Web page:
About History – The ‘Spirit Wrestlers’ of Georgia
The Doukhobors (Russian: Духоборы) living in the Ninotsminda District of Samtskhe-Javaheti region of Georgia are a religious community exiled from Russia in the mid-19th century.
The word Doukhobor means ‘spirit wrestler’ in Russian. Considered to be heretics by the Orthodox Church in Russia for their rejection of church ritual many Doukhobors chose exile in the Caucasus region of the Russian empire in the 1840s rather than convert to Orthodoxy. A number settled in the Samtskhe-Javaheti region of Georgia.
By the end of the 19th century there were around 10,000 Doukhobors in Georgia.
Following the collapse of the Soviet Union many Georgian Doukhobors chose to return to Russia and very few remain in Georgia.
The following pictures of the Doukhobor community in the village of Gorelovka in the Ninotsminda District of Samtskhe-Javaheti region of Georgia were taken during a visit in 2006.
Doukhobor houses are decorated in Russian style in a pale blue color and often have an earth roof, commonly called a green or sod roof.
The building pictured below is the Doukhobor meeting place in Gorelovka village. It was originally the house of Peter Kalmykov, son of Illarion Kalmykov (the first leader of the Doukhobors that settled in the area in 1841).
The interiors of Doukhobor houses are Russian in style.
Due to the scarcity of wood in the area the Doukhobors make fuel ‘bricks’ from cow and sheep dung and use them to heat their homes and cook their food.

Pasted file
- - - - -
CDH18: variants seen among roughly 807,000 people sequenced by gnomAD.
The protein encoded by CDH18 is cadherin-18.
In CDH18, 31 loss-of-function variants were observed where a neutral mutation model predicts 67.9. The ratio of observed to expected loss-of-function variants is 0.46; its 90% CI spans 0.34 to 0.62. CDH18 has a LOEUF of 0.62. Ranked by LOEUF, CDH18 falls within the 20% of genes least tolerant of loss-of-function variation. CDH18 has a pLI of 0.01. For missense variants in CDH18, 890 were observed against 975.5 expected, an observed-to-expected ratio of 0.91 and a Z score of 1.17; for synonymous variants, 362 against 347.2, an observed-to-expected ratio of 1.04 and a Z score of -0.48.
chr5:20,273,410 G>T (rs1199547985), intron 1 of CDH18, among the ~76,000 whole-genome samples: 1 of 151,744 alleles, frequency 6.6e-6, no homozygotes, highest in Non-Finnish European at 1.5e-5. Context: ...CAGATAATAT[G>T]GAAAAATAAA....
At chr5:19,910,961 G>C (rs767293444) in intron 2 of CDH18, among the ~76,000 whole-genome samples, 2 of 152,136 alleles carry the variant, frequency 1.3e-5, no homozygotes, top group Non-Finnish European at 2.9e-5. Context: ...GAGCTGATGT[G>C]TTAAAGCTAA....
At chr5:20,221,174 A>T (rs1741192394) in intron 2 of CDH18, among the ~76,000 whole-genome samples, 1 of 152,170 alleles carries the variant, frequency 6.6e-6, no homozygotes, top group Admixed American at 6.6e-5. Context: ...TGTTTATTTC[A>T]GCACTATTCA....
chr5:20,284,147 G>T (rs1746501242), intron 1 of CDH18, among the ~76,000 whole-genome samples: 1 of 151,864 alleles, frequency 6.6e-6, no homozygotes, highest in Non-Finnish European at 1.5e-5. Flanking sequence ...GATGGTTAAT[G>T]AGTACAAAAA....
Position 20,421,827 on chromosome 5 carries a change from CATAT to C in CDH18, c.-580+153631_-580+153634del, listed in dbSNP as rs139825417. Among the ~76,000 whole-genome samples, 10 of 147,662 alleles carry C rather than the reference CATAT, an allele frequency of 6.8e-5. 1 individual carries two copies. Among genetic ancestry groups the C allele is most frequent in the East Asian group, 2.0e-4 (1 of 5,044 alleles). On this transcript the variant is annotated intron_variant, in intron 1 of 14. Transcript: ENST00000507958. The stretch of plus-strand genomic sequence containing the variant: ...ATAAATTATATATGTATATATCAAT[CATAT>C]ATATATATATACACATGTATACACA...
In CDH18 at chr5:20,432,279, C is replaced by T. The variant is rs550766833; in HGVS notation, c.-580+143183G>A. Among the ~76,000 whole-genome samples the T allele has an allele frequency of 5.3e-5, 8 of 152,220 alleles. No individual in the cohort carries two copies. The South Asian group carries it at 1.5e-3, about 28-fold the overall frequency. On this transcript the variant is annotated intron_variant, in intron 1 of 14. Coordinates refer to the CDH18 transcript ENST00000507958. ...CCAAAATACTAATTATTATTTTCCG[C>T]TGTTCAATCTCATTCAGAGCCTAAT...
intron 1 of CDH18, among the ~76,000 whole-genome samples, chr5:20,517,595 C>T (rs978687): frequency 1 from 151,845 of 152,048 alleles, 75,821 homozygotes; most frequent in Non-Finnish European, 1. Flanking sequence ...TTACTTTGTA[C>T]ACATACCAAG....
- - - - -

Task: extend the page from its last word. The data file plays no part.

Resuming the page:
There is a cemetery of Doukhobor community leaders in Ninotsminda District.
Many of the graves date from the 19th century.
Illarion Kalmykov (Russian: Илларион Калмыков), the leader of the main group of Doukhobors that arrived from Ukraine in 1841, is buried in this cemetery.
In 1898-99 over 7,000 Doukhobors emigrated from the Russian Empire to British Columbia in Canada and around 40,000 descendants still live in Canada today.
At the time of our visit to the village of Gorelovka in 2006 there were no more than 700 Doukhobors living in Ninotsminda District. There are likely to be far fewer today and those that do remain are mostly older people.
There is a belief that the storks that nest on Doukhobor houses in the Ninotsminda District of Samtskhe-Javaheti region fly away when the Doukhobor occupants leave, and never return.
Further reading: Doukhobor Genealogy Website